Image Credit & Copyright: Calar Alto Observatory/Vincent Peris/Gilles Bergond.

Holidays are in full swing and you know what we need to contrast the beautiful snow covered Earth; some color!  I came across this image some time ago and thought that no better time to show it off then now.  It comes to us from the Calar Alto Observatory’s 3.5 meter telescope in Southern Spain and it’s of the beautiful spiral galaxy NGC 7331 and some of its closest friends in the constellation Pegasus (The Winged Horse).

All beauty aside this galaxy had its oddities.  Remember earlier in the week we detailed the backward galaxy NGC 4622 that rotates with the points of the galactic arms first?  Well this one isn’t that extreme as the arms travel in a normal direction, but the central galactic bulge which usually co-rotates actually rotates in a backward direction from the disk.  So far, there is no true consensus as to why this is the case but in the words of NDT, “We have our best people working on it.”

We’re seeing this galaxy at a pretty extreme inclined angle to our line of sight but still if you look closely or blow this image up full size you can see within its spiral arms, the telltale blues and pinks of star formation taking place as well as the thick dust lanes running through them.  The classic yellow hue of ancient stars pooled together in the nucleus is obvious, but what may take a little effort to notice a slight wobble in the plane of the galaxy itself which is likely caused by slight tidal interactions.  At its center, as usual, a supermassive black hole which like the galaxy itself is similar to the Milky Way’s at about 4 million solar masses.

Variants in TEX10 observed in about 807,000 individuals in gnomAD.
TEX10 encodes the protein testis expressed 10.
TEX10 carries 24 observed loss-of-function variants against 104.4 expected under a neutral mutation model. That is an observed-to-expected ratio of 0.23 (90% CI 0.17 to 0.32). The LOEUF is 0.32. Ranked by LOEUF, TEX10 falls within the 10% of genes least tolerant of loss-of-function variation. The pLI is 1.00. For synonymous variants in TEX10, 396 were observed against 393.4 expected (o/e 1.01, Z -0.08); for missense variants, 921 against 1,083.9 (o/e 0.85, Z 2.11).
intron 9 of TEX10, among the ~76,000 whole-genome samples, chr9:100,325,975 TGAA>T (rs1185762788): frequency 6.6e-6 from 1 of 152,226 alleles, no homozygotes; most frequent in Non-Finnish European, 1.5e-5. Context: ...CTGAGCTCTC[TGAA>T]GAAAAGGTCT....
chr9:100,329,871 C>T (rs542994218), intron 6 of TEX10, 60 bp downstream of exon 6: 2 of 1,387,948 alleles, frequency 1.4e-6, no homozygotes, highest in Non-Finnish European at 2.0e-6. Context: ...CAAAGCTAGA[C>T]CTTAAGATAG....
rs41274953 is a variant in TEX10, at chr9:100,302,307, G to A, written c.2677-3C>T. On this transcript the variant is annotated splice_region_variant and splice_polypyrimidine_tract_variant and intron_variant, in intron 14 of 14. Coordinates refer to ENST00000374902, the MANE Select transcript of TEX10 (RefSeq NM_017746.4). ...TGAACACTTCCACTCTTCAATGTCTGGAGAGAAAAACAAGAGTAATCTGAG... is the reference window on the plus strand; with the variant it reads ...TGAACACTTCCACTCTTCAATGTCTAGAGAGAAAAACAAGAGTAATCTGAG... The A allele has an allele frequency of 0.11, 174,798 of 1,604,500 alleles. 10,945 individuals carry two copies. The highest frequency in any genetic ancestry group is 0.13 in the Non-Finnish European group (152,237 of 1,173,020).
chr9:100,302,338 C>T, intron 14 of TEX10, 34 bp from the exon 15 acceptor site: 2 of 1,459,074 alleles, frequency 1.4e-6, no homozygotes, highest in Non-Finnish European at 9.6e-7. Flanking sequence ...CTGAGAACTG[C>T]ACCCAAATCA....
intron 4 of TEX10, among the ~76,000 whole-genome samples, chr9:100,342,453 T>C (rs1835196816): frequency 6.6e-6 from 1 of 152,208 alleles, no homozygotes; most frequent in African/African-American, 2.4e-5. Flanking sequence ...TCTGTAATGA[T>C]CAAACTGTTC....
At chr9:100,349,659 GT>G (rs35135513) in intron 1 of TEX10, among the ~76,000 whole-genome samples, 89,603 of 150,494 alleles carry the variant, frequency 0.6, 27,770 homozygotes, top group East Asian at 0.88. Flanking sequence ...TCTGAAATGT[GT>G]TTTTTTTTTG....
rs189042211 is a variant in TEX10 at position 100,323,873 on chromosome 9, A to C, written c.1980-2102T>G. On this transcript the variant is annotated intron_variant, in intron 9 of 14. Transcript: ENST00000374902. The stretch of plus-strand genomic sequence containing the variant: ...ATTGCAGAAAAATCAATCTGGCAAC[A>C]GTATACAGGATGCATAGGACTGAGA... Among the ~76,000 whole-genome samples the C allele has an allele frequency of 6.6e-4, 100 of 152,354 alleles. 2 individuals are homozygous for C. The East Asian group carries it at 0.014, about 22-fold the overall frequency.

What about those other galaxies in the image?  First, let’s be polite and introduce ourselves to the four main sub galaxies in this image.  The elliptical galaxy at far left is NGC 7340, now to the top with NGC 7336, middle with NGC 7335 and the big beautiful spiral at the bottom cataloged as NGC 7337.  These galaxies are members of the NGC 7331 Group of Galaxies which is also known as the “Deer Lick Group.”  Just as a general gauging, they appear to be about one-tenth the size of NGC 7331 and also about 10 times further beyond.  Just imagine those time travel distances and what it would be like to look up from planets around NGC 7331 and see many other big bright galaxies in the night sky.

Anytime you see an image of this galaxy, you may notice that they’re always at least slightly fuzzy and that’s actually because in that particular direction, we’re looking out through a dusty region of the Milky Way.

NAME: New General Catalogue 7331 (NGC 7331), Caldwell 30 (C30).

WHAT IS IT?: Spiral galaxy.

HOW FAR AWAY IS IT?: About 50 million light years.

HOW BIG IS IT?: Roughly 100,000 light years in diameter which is similar to the Milky Way in size.  On the night sky it’s roughly 10.5’X4’ arcminutes.

DISCOVERY: William Herschel in 1784.


WHERE IS IT? (General): Constellation Pegasus and the brightest member of the NGC 7331 Group of Galaxies or the “Deer Lick Group.”

WHERE IS IT? (Exact RA/DEC J2000): RA 22h 37m 04.1s / DEC +34° 24′ 56″.

Calar Alto Observatory page for this image:

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